Pentax K20D digital SLR
A serious DSLR for the serious snapper
Review The arrival of the Pentax K20D on our doorstep last week marked the end of an era - that of the venerable, battle-scarred Pentax LXs and MXs, which have over the last 20 years or so provided faithful service.
The world has moved on, though, and once the switch had been made to digital, the K20D offered one crucial incentive: it could accommodate a stack of old Pentax lenses without fuss, according to the manufacturer. More on that later.
Pentax's K20D: posing for the camera
Unboxing the K20D reveals a 141.5 x 101 x 70mm body weighing in at 715g without the battery. The bundle includes a strap, Li-ion battery and charger, viewfinder cover, AV and USB cables, plus Pentax's Photo Browser, Photo Laboratory and Remote Assistant CDs plus, of course, an ominously thick instruction manual.
The ergonomics of the "fibreglass reinforced polycarbonate body with high-grade steel chassis" are pleasing enough, with the expected rubberised hand grips giving no cause for complaint. The K20D apparently boasts "72 seals on the camera body and 38 seals on the battery grip combine to ensure that humidity, dust and sand cannot adversely affect the camera", although there doesn't appear to be a seal to protect the top-mounted pop-up flash.
The heart of the beast is a 23.4 x 15.6mm CMOS offering around 14.6 megapixels, which you can exploit for either 14.6Mp (4672 x 3120), 10Mp (3872 x 2592), 6Mp (3008 x 2000) or 2Mp (1824 x 1216) JPEGs, or 14.6Mp (4688 x 3120) RAW in either compressed PEF or non-compressed DNG flavours.
The practical upshot of this is, on a 2GB SD card, you're going to get around 82 RAW snaps, 138 14.6Mp JPEGs, 206 of the same at 10Mp, 359 at 6Mp and 931 at 2Mp. Those JPEG figures are for the Premium compression ratio of 1:2.8. All JPEG sizes offer this and Best (1:4.5), Better (1:8) and Good (1:16).
I did not see the word "noise" anywhere in the review. Sensor noise is one of the most important characteristics of a camera, and is a big determinant of the image quality.
And then there is dynamic range, and possible clipping of highlights. That wasn't mentioned either.
This comment is not meant as a put-down of this camera. It's just that after getting my fingers burned on a noisy range-limited Olympus E-510, I want to hear all about sensor noise and dynamic range on any camera reviewed. That is much more important than how many knobs the camera has.
Oh, and one more thing: Are the metal brackets of the hot-shoe connected to the internal metal frame of the camera? If not, then just mounting an external flash unit on the camera, and doing some walking-around city-street shooting with the camera occasionally banging against your chest will pull the hotshoe brackets out of the plastic case, and now you have a broken hotshoe, like happened with my E-510. I expect more from a thousand-dollar camera.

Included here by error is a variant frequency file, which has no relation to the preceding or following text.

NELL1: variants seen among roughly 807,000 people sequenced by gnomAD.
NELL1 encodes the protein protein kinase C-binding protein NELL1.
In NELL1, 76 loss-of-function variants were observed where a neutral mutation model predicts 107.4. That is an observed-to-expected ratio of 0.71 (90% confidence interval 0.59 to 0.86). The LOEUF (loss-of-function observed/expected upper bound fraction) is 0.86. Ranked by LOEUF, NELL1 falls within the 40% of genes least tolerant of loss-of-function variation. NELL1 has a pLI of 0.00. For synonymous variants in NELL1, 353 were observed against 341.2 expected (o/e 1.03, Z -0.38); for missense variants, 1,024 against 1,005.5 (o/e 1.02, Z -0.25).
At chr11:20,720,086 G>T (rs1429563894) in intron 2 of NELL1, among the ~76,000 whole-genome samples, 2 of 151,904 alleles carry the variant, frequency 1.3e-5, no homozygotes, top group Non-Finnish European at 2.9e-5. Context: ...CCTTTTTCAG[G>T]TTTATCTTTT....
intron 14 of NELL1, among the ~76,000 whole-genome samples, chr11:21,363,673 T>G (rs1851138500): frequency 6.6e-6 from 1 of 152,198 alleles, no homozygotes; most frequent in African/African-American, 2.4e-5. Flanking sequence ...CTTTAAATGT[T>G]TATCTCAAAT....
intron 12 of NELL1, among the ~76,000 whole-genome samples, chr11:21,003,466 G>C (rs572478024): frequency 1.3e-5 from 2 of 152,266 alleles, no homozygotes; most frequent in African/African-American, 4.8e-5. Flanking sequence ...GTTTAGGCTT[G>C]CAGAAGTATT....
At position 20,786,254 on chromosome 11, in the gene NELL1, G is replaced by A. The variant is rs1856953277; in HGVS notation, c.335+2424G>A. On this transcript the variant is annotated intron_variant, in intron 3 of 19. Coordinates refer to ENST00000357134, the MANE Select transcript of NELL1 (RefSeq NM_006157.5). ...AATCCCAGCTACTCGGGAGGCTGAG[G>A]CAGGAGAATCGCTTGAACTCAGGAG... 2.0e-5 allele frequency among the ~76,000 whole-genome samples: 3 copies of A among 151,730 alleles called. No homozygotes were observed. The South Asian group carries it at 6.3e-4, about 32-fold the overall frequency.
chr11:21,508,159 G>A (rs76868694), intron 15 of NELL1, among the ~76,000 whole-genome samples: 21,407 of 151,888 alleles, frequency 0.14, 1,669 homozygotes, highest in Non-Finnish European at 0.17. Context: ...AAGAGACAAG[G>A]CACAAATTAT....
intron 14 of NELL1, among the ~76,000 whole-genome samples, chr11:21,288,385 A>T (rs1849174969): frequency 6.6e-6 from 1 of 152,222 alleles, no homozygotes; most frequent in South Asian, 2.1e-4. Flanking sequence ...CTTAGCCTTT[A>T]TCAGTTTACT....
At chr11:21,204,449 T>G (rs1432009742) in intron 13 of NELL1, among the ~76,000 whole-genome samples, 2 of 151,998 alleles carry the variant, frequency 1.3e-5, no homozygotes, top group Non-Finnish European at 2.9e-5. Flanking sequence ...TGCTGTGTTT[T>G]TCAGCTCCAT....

"making shooting RAW an option rather than a necessity"
That's good to know, although I'd like to do some comparisons myself, to see if it improved from the K10D. (sore excuse to get a new one?) :-)
I did shoot the same scene (with my K10D) using the RAW+Jpeg option (great stuff). The thing is that the sharpness of the Jpeg version, when looking at 100%, is quite lower than that for the unprocessed RAW -- that's due to the "aggressive" in-camera noise reduction algorithm. So when I have important shot, I prefer to decide myself later how much sharpness I can afford to lose when doing noise reduction manually (if at all needed, to begin with).
If the NR algorithm got better for the K20D, that would be very nice...
Lenses / K10 vs K20
I've upgraded right from the Pentax istD digital to the K20D and it's been quite a jolt. I've been reading the K10D manual and the K20D will give you higher resolution and more options for in-camera processing. There's an extensive selection of "tweaks" for creating jpegs: Landscape, Portrait, Vivid, Normal, and Black and White and each of these settings have further adjustments making shooting RAW an option rather than a necessity. It also allows shooting both RAW and jpeg with a touch of a button so you can make that decision later.
One of the sweetest features is the built-in Vibration Reduction which reads the focal length of the lens and allows more clear hand-held photographs. Unlike other cameras, now every lens in your collection is a VR lens.
The worst thing Pentax has done has been to eliminate all film cameras. These were the same people who introduced us to the K-1000. They are now focusing entirely on digital. The K20D is a great contender for Nikon's flagship camera. It's 20% smaller, 50% lighter, and 1/5 the price while producing higher resolution. Rather than the old CCD technology, the K20D switched to CMOS technology to reduce noise. It even has a dead pixel mapping feature and dust detection and elimination built right into the camera to reduce trips to the repair shop.